Dolfi: No kidding, we all want that. However, sometimes that player is available to you and sometimes he isn’t. If you have a hole at QB and someone has 3 on his team, you better sure as shangola be talking to that owner. Sometimes there isn’t that immediate impact player available, but remember you’re looking at a 14-16 week fantasy season. So if there is a player likely to blossom later in the season, you can still improve your team even though he’s not going to have a true “instant” impact.
Braun: I hate to admit it…but that makes sense.
Dolfi: Don’t I always make sense?
Braun: Frankly… no.
Dolfi: Ok – let me say it like this then; to really understand what you want to get out of a trade, remember that it’s not always filling the hole you have right now, but adding some depth where you think you’re going to have a hole later on.
Braun: That was a little better, but it sounds like you are saying that I’m going to have to predict which of my players will get hurt in order to do that.
Dolfi: I’m not asking you to do that; heck, no one has a crystal ball giving them the ability to gaze into the future. But, you still know the spots on the team where you are weak, and we all can identify players who are high injury risks. Fred Taylor, anyone?!? I mean Braun, if you have him on your team, he seems to get hurt by week 6 or 7 every year…so it doesn’t matter that he MIGHT get through the season, be proactive and get the dirt ready to fill the Fragile Freddie pit as soon as it opens up.
Braun: Ok…..let’s wrap things up with your final comment, which I loved by the way; don’t look to screw someone for a really good trade….we’ve all seen that.
Dolfi: Absolutely; screwing someone on a trade is going to make you feel great…NO LIE…..but you’d better savor that feeling while it lasts, because no one in your league, especially the guy you traded with, is EVER going to so much as pick up the phone when you call again. The best way you can become an owner that everyone wants to trade with is by making a fair trade.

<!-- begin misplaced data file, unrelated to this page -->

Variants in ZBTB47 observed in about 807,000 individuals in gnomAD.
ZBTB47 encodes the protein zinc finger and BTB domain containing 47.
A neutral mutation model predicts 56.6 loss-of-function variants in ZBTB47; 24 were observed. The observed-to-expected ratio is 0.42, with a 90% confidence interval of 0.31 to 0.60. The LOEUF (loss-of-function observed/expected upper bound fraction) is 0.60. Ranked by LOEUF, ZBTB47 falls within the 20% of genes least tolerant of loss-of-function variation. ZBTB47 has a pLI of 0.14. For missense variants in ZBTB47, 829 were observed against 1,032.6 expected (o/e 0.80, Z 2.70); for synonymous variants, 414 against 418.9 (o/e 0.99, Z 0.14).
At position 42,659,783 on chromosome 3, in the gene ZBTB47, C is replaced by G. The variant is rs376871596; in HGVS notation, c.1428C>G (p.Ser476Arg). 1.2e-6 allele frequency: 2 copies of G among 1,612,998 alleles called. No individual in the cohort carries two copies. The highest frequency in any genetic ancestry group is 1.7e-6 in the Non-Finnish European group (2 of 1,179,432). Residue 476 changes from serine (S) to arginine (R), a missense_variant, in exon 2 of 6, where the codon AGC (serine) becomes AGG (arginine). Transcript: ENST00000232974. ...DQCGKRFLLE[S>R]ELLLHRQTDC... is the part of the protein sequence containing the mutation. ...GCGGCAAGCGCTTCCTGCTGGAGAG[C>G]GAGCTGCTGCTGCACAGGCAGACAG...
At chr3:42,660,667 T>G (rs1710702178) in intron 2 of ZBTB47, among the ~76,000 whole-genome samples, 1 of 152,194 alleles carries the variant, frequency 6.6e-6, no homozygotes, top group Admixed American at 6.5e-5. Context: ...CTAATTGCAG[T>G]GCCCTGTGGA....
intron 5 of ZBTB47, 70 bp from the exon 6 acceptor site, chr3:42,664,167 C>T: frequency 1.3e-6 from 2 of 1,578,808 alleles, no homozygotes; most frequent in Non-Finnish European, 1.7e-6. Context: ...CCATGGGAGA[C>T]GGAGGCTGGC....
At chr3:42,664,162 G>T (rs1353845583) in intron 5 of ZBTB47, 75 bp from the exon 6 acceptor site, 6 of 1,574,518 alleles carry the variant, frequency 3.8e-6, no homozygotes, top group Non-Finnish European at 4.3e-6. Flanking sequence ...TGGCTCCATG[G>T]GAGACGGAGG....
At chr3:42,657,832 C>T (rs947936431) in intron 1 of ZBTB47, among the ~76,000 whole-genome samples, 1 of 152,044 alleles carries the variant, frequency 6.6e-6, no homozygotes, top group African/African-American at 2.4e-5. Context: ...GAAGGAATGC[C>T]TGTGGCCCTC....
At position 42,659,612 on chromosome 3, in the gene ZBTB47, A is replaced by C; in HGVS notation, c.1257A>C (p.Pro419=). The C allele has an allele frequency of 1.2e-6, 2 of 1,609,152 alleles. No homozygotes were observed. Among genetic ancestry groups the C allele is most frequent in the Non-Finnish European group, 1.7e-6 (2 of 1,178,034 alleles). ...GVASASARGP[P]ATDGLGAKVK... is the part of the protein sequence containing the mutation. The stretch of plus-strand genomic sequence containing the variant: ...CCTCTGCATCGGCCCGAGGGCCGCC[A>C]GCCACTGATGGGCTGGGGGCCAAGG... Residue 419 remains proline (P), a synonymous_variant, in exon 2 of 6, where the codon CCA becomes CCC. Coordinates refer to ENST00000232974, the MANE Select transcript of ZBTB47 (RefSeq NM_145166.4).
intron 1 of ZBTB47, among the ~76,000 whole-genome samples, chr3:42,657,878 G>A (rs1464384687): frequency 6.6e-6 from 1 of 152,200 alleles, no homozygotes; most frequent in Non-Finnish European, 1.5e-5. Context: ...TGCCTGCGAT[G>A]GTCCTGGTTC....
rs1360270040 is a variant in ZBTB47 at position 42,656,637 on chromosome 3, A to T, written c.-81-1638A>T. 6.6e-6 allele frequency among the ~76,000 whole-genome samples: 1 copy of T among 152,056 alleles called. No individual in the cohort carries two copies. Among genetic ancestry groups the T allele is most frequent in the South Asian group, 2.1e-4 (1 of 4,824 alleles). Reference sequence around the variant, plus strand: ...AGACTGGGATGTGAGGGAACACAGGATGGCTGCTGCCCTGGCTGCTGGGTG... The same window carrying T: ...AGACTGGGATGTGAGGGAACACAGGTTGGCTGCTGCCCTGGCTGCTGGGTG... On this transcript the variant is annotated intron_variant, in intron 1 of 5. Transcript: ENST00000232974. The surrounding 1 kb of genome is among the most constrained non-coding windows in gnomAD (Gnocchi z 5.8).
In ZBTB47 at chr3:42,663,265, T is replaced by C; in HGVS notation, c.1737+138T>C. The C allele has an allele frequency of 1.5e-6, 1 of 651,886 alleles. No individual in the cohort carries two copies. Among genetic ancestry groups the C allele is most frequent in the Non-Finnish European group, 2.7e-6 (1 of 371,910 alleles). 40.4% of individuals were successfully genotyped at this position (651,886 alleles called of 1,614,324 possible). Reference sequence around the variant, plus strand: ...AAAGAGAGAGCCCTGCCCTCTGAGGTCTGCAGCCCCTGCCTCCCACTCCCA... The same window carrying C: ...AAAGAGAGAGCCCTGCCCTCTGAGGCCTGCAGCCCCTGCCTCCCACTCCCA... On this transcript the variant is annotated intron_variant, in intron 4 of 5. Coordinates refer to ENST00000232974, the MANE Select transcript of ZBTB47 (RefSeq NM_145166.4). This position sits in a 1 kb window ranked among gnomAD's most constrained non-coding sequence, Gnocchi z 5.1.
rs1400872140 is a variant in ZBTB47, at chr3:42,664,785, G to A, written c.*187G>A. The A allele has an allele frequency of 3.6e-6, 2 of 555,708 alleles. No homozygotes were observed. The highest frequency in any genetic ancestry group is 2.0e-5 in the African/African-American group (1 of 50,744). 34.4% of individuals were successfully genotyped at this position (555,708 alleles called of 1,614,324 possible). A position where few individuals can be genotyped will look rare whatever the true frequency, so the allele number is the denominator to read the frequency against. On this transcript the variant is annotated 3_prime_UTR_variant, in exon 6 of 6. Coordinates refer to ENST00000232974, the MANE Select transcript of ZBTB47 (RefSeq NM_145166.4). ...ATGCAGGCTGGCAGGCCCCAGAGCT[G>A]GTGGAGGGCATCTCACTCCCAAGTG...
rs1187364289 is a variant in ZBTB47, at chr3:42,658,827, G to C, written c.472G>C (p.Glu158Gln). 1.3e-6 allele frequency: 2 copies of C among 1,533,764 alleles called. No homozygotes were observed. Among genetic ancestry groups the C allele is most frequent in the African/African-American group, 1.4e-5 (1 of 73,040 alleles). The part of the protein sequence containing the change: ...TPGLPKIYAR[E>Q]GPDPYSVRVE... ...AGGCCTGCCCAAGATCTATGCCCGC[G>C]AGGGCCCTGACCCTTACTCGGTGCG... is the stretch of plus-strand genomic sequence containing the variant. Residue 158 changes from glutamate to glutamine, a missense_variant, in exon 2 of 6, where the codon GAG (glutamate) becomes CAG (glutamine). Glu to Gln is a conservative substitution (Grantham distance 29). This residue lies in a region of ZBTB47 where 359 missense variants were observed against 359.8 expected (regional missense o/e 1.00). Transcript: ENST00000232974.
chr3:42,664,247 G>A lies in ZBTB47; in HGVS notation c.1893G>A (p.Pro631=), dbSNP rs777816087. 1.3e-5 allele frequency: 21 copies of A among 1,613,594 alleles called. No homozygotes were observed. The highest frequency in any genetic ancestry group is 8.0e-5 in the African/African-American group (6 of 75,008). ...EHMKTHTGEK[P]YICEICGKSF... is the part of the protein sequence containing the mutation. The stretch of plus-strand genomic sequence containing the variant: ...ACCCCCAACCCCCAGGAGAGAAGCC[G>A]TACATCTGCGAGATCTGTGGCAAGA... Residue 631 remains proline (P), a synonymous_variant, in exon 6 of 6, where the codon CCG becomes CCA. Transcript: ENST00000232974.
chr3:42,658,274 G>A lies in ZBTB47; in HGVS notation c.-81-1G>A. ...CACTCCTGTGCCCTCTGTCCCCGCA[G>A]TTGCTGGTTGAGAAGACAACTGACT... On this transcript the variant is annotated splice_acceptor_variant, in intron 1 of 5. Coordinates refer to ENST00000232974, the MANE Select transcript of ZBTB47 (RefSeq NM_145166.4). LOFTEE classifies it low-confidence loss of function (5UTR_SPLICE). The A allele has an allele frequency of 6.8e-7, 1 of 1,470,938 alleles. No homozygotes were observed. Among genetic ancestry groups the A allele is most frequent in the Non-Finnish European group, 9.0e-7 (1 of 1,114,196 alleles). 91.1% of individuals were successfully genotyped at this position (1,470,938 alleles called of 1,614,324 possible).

Braun: Yea…fair, but everyone likes to think they got a “good deal” whether its, on a used car, a blind date, or fantasy trade, right?
Dolfi: Of course; you’re always trying to make a trade that is better for you in the long run, but that doesn’t mean that it’s bad for the other owner. For example, if you have 3 solid QBs (like I spoke about earlier) and one of his signal callers is on a bye and the other is injured….your #3 QB is going to be a heck of a lot more valuable to him than he is riding the pine on your team.
Braun: But why would I want to help any of the other owners?
Dolfi: Probably because he’s the guy who has 5 good-scoring WR’s on his team and your flex player for the first couple of weeks has bounced between Travis Taylor and Thomas Jones.
Braun: Let me start wrapping this up, my wings are in the fryer almost done, and New Orleans is looking better with each minute. What if the guy I want to trade with doesn’t feel he has a hole to fill. How can I persuade him? Any special tactic you can give me?
Dolfi There is no ‘magic bullet’ to making a trade happen, but in the case you described, if you need that player badly enough, maybe he’ll take a lesser player and a draft pick in next year’s fantasy draft. Heck, just because he doesn’t have a hole, doesn’t mean his team cant be made better. If he has 3 solid WRs, and you have one great WR and a bunch of stiffs, your team might be better off in the long run by having two solid players you can count on every week than one ‘stud’ WR and a zero in the scoring column each week.
Braun: My head is spinning…
Dolfi: Well what beer are you on?
Braun: (laughter) No – my head is spinning from all this stuff you want me to keep in my head every time I got to make a trade.
Dolfi: Hey man…you asked the question. Listen I could go on and on, but there is no sure-fire way to make a trade; it is indeed an art form. Always keep in mind what the other players need, and that is a good start…from there, keep in mind what they, and you, want. And remember Rembrandt didn’t paint the Mona Lisa on the first try.
Braun: Umm, Rembrandt didn’t paint the Mona Lisa, though…
Dolfi: Quiet, I’m on a roll! (laughter) Besides, you weren’t asking me about art history, we were talking about fantasy football trades. Anyway, my point is: just because the first two or three (or six) owners didn’t want to make a trade with you, doesn’t mean that the next team won’t. If you keep at it, you’ll find that trade that makes your team better… and you can take that to the bank.